2006, US, directed by Robert Altman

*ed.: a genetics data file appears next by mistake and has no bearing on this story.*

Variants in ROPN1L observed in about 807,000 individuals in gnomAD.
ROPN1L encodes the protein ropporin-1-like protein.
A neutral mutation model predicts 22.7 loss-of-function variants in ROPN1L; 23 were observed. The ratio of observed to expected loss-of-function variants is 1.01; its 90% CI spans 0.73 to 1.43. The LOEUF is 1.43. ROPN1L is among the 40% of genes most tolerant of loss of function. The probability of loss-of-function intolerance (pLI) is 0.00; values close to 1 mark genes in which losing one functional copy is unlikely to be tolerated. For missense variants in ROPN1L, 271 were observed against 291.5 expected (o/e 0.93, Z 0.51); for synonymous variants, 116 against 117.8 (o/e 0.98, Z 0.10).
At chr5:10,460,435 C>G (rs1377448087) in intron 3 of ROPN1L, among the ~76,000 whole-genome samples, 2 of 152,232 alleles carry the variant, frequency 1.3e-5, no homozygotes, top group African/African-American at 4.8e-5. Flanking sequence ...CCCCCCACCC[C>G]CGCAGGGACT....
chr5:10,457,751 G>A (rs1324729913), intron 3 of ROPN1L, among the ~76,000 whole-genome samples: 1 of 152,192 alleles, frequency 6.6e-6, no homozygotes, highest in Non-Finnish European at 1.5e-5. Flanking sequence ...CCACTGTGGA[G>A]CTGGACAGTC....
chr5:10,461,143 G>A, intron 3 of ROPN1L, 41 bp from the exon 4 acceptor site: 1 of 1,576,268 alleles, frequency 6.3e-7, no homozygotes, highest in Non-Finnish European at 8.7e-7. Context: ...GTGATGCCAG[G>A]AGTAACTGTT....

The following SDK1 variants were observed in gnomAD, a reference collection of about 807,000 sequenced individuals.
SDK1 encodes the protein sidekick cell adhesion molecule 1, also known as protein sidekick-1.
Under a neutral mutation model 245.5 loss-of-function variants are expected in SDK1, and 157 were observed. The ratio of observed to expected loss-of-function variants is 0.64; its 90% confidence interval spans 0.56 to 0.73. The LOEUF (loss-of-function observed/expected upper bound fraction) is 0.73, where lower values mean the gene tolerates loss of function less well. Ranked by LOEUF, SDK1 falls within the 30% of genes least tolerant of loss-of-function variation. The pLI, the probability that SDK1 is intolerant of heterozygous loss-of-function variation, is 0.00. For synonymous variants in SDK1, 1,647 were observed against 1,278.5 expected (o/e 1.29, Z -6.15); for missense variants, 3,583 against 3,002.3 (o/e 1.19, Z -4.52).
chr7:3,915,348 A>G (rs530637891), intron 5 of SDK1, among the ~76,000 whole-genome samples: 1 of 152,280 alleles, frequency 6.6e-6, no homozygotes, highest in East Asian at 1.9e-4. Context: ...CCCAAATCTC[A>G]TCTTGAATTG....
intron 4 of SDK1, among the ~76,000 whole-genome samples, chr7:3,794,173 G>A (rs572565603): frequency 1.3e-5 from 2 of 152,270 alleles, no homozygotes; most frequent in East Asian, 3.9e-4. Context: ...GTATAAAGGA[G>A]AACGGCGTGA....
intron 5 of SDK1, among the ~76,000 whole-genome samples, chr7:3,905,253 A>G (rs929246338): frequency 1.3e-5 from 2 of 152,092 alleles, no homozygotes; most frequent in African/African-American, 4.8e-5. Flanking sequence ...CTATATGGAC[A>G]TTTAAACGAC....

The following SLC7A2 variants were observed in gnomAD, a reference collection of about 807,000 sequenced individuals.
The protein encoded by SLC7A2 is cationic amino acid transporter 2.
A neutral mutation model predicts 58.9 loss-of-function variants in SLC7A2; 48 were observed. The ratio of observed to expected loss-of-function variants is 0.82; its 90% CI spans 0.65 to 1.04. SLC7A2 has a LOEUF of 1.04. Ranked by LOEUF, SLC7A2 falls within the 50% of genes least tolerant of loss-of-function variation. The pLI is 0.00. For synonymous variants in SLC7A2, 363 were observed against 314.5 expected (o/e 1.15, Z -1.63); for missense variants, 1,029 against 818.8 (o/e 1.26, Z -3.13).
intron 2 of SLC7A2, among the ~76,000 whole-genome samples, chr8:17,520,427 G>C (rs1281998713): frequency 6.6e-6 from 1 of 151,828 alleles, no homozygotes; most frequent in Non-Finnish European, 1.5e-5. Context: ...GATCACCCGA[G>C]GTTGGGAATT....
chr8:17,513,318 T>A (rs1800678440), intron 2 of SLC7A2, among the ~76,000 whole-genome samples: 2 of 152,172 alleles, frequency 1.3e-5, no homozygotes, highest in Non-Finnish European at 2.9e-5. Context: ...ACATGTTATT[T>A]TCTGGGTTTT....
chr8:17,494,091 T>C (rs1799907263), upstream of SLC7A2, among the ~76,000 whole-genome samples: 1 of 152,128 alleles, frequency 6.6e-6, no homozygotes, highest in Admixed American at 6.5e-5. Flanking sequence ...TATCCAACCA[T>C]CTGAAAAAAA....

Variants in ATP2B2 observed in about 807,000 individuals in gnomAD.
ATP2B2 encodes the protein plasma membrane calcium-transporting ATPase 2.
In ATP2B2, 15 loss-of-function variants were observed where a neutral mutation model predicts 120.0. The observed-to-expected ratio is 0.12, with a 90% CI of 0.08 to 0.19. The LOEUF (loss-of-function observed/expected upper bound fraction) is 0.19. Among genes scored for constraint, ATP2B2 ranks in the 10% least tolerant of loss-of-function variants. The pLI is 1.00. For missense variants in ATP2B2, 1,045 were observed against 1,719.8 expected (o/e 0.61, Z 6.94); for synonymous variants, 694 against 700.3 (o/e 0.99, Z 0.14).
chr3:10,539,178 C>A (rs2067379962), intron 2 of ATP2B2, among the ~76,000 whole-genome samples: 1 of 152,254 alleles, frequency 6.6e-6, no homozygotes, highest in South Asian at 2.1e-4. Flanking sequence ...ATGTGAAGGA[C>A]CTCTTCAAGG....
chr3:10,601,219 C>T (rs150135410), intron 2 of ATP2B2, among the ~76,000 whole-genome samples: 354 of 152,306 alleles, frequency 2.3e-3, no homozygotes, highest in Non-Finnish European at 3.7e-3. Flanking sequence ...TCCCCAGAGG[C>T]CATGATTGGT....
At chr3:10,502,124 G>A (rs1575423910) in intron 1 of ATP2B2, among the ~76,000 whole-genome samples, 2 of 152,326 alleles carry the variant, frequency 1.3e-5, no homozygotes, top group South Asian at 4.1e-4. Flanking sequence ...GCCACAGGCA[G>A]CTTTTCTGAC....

Although I can't help thinking that A Prairie Home Companion's appearance on many a 2006 "Ten Best" list has more to do with the recent death of Robert Altman than with the film itself, it's still a lovely end to a career, with many treasurable small moments that illustrate the director's great eye - when he's on form - for the details of human foibles. The film is a loose adaptation of writer-presenter Garrison Keillor's long-running radio show, and purports to be the story behind the radio show's final broadcast (the portrait of rapacious capitalism destroying folk culture loses much of its sting, though, in the face of the show's continued real-life health despite its unfashionable style). Though Keillor loves his radio, his script also reveals him as an afficionado of the backstage tale: this is a film by and about show-people, and the actors look as though they're having tremendous fun with the material (though Meryl Streep's character eventually becomes wearing, she does belt out a great tune); it's especially enjoyable to see some of the radio characters given life (Kevin Kline is spot-on as detective Guy Noir). Although the set-up doesn't parallel the real-life history of the radio show, there's an unforced poignancy over the whole film that's utterly convincing and ultimately very moving - and that's inevitably bound up with the knowledge of Altman's own passing.